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Congress is divided over whether to establish a commission to investigate the Jan. 6 insurrection at the Capitol.

Political divisions over Jan. 6 commission fuel dysfunction

The same polarizing politics that led to the Jan. 6 insurrection at the Capitol may also prevent Congress from investigating the attack.

Ahead of the House's vote Wednesday to create an investigative commission, Minority Leader Kevin McCarthy of California voiced his opposition to the bill. But several of his fellow Republicans have broken from the leadership's stance, signaling they would support an independent probe into the unprecedented attempt to subvert American democracy.

The GOP's splintering over the Jan. 6 commission underscores divisions within the party, between those who remain loyal to Donald Trump and those who want the GOP to go in a different direction. And lack of significant support from Republicans on such a critical issue will only perpetuate the dysfunctions within the country's political system.

Co-sponsored by Democratic Rep. Bennie Thompson of Mississippi and GOP Rep. John Katko of New York, the commission would consist of 10 members, evenly appointed by the two parties' leadership in the House and Senate. Modeled after the commission that investigated the Sept. 11 terrorist attacks, this body would have the power to receive evidence and issue subpoenas.

The commission would be required to hold public hearings and submit a final report to Congress and President Biden by the end of the year.

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Even after Democrats conceded to McCarthy on a number of points aimed at making the commission more bipartisan and independent, the minority leader formally announced his opposition Tuesday. McCarthy said the scope of the investigation should be broadened to include violent incidents that occurred across the country as a result of racial justice protests.

"Given the political misdirections that have marred this process, given the now duplicative and potentially counterproductive nature of this effort, and given the Speaker's shortsighted scope that does not examine interrelated forms of political violence in America, I cannot support this legislation," McCarthy said in a statement.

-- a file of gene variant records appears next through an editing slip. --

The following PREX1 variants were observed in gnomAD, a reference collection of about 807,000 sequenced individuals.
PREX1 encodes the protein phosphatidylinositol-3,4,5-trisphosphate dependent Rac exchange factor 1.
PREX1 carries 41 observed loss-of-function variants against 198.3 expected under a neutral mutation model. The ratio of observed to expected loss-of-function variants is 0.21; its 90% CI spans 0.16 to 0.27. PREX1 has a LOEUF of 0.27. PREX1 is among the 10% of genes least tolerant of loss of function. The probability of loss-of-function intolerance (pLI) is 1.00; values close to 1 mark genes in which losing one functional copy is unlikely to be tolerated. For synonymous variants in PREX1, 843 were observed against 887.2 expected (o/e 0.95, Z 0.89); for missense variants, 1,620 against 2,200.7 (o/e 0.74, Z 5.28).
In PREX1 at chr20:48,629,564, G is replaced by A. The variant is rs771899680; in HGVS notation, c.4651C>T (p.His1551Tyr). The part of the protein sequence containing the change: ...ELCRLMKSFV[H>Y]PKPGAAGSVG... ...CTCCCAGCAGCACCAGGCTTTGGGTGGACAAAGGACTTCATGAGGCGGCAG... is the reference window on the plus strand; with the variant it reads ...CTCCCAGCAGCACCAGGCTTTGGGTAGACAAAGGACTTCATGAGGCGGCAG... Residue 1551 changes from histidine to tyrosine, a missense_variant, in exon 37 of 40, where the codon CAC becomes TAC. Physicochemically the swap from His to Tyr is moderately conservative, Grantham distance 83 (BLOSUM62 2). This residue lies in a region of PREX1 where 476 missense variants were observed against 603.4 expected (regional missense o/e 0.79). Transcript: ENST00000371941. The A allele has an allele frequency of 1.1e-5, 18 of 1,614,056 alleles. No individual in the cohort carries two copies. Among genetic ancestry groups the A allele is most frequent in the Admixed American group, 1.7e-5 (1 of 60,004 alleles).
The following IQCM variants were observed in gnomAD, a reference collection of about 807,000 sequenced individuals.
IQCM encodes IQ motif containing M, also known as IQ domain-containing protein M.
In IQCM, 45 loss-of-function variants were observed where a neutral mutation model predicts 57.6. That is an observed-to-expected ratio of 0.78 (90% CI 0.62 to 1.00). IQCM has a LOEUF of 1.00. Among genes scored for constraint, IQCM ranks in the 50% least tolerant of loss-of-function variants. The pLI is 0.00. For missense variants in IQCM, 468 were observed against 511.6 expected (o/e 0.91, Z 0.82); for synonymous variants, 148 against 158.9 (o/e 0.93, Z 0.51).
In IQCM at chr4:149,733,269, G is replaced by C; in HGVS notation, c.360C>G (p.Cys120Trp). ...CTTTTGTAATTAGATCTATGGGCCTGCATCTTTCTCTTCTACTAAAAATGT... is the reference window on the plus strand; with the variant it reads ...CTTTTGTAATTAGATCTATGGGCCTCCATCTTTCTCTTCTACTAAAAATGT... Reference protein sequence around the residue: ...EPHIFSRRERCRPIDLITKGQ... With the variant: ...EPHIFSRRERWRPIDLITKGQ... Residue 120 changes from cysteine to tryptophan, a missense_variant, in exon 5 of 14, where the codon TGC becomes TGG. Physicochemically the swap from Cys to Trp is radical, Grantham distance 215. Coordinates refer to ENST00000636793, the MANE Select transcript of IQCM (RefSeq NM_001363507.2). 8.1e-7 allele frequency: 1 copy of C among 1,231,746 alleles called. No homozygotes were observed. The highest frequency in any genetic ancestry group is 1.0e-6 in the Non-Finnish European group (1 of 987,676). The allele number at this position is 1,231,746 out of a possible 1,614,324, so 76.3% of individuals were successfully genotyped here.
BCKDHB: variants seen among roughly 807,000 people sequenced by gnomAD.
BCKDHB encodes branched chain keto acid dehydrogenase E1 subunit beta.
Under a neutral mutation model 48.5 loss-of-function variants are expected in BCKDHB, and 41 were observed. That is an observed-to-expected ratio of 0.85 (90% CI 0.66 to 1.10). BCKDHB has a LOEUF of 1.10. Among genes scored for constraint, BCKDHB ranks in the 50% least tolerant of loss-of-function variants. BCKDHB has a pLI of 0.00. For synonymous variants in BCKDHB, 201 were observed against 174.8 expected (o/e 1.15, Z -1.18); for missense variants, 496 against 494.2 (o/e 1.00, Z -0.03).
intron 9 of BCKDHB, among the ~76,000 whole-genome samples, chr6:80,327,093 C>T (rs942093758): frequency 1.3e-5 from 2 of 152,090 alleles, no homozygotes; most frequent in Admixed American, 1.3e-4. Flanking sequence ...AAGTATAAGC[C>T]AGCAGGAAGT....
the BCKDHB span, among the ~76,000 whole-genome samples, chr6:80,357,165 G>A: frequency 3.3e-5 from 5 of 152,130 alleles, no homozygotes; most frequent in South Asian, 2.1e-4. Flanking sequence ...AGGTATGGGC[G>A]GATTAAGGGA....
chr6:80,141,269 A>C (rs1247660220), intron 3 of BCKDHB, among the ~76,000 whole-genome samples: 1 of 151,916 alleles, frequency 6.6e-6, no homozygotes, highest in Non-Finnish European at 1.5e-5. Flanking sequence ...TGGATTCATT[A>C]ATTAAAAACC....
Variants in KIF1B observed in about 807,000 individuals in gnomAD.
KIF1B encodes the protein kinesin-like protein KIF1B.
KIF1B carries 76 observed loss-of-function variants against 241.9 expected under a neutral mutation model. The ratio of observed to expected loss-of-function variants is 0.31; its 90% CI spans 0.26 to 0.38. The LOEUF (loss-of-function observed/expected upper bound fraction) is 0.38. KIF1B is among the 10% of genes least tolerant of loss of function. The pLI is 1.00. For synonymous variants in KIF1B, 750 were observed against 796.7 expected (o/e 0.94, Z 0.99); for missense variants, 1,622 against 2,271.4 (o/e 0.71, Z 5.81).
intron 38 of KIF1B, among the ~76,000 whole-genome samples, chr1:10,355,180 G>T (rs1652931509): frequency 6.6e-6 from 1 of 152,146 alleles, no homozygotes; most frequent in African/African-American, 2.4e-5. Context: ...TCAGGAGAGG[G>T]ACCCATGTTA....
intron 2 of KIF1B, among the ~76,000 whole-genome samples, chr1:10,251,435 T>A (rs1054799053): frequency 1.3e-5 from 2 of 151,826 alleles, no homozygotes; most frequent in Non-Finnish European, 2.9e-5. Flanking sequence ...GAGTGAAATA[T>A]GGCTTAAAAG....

Speaker Nancy Pelosi originally proposed Biden would have a say in the committee appointments, but that was rolled back during negotiations. Party leaders also agreed that the Democrat-appointed chair and the Republican-appointed vice chair would need to agree on which witnesses to subpoena. They also agreed to ban current elected officials from serving on the commission in an effort to make the investigation more independent.

While the Jan. 6 commission bill doesn't need Republican votes to pass in the Democrat-majority House, receiving GOP support in that chamber could make it easier for the legislation to obtain the 60 votes needed to pass in the evenly split Senate.

However, Senate Minority Leader Mitch McConnell piled onto the GOP opposition Wednesday by announcing he would vote against creating a Jan. 6 commission — a blow to the bill's chances in the Senate.

Failing to receive support from both major parties would be a noteworthy departure from historical precedent. In the cases of Watergate and 9/11, Congress overwhelmingly supported establishing investigative committees.

During a press call Wednesday, former New Jersey Gov. Tom Kean and former Rep. Lee Hamilton, who served as chairman and vice chairman of the 9/11 commission, urged Congress to approve the commission and investigate the Jan. 6 attack. They said "unity of purpose" was key to their commission's effectiveness.

"We put country above party to examine, without bias, the events before, during, and after the attacks," Kean and Hamilton said. "The January 6th attack on the U.S. Capitol was one of the darkest days in our history. Americans deserve an objective and accurate account of what happened. As we did in the wake of September 11, it is time to set aside partisan politics and come together as Americans in common pursuit of truth and justice."

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